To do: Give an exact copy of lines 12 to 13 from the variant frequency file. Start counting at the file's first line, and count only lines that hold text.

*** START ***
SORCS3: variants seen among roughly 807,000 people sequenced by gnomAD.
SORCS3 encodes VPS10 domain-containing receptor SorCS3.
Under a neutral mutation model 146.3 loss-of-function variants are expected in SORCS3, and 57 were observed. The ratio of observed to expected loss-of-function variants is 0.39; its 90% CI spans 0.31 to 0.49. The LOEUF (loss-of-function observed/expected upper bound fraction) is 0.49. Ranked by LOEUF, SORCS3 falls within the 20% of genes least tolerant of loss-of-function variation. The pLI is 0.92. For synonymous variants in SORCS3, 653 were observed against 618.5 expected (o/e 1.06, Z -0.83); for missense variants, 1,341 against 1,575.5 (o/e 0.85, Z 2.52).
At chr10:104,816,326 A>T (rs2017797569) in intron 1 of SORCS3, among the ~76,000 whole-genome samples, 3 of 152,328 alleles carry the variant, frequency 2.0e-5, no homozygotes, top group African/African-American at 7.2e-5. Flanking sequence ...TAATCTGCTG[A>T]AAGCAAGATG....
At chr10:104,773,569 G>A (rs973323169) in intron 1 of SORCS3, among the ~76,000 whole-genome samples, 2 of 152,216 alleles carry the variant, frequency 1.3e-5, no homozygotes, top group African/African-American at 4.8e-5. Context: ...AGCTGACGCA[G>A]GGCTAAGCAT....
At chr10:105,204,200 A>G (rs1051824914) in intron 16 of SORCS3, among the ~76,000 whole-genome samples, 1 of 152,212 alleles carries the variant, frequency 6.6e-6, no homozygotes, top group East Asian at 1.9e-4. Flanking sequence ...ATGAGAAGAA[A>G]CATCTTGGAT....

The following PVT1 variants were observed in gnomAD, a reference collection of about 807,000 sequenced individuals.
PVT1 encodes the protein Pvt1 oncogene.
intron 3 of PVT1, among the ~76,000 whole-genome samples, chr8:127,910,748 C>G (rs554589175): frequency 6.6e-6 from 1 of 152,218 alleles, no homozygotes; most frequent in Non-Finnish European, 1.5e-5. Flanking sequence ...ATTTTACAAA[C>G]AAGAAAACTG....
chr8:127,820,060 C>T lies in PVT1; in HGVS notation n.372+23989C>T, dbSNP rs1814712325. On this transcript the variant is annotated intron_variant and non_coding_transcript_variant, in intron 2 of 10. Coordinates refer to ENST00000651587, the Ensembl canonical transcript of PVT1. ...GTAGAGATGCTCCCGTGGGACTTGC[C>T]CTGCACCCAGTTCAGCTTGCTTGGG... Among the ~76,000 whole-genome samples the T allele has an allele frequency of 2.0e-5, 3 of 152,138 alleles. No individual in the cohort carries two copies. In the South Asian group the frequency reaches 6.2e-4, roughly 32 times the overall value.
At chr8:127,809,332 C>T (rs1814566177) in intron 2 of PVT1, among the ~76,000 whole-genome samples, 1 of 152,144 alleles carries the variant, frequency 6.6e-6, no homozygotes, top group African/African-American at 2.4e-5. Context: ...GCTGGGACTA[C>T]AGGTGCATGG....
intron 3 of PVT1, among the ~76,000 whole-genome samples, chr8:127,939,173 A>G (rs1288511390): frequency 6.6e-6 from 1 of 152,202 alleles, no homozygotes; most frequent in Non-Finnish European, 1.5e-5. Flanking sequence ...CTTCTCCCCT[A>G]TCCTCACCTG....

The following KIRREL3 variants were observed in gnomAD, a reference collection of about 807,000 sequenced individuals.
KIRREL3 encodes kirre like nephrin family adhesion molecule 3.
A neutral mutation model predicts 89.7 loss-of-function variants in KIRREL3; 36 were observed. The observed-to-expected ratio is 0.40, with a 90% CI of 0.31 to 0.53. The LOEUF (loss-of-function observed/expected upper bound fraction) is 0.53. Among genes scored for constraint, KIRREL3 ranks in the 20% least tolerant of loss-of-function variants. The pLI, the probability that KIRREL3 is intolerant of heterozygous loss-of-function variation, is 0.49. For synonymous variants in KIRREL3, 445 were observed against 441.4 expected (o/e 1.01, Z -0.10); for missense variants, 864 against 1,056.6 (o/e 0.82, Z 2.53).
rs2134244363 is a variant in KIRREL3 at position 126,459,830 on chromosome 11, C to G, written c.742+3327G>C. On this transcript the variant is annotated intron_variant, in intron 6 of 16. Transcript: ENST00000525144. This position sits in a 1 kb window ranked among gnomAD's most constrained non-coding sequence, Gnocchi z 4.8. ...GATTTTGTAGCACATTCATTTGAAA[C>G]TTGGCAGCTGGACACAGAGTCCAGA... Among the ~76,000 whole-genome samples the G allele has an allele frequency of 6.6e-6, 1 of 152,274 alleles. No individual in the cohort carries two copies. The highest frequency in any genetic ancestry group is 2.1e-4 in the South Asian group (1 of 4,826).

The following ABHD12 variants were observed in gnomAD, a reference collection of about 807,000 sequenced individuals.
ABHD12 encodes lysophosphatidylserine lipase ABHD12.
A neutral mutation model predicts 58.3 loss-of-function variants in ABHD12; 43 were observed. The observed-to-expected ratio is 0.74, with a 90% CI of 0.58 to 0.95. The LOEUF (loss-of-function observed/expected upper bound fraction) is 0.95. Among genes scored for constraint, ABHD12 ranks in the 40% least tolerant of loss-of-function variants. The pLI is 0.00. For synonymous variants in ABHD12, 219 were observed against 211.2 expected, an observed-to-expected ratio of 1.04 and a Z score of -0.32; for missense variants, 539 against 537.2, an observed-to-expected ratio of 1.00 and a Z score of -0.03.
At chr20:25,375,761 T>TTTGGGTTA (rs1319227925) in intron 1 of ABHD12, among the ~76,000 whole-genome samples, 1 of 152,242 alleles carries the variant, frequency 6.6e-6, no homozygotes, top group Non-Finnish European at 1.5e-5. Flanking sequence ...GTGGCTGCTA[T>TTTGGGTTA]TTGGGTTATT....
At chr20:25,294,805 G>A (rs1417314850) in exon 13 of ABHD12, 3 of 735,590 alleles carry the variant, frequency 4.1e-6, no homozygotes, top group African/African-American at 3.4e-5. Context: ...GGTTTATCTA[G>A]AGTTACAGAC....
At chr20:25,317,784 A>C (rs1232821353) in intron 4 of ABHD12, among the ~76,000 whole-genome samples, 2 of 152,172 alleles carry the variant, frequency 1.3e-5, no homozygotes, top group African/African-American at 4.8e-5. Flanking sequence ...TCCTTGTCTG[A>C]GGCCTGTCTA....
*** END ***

intron 3 of PVT1, among the ~76,000 whole-genome samples, chr8:127,939,173 A>G (rs1288511390): frequency 6.6e-6 from 1 of 152,202 alleles, no homozygotes; most frequent in Non-Finnish European, 1.5e-5. Flanking sequence ...CTTCTCCCCT[A>G]TCCTCACCTG....

The following KIRREL3 variants were observed in gnomAD, a reference collection of about 807,000 sequenced individuals.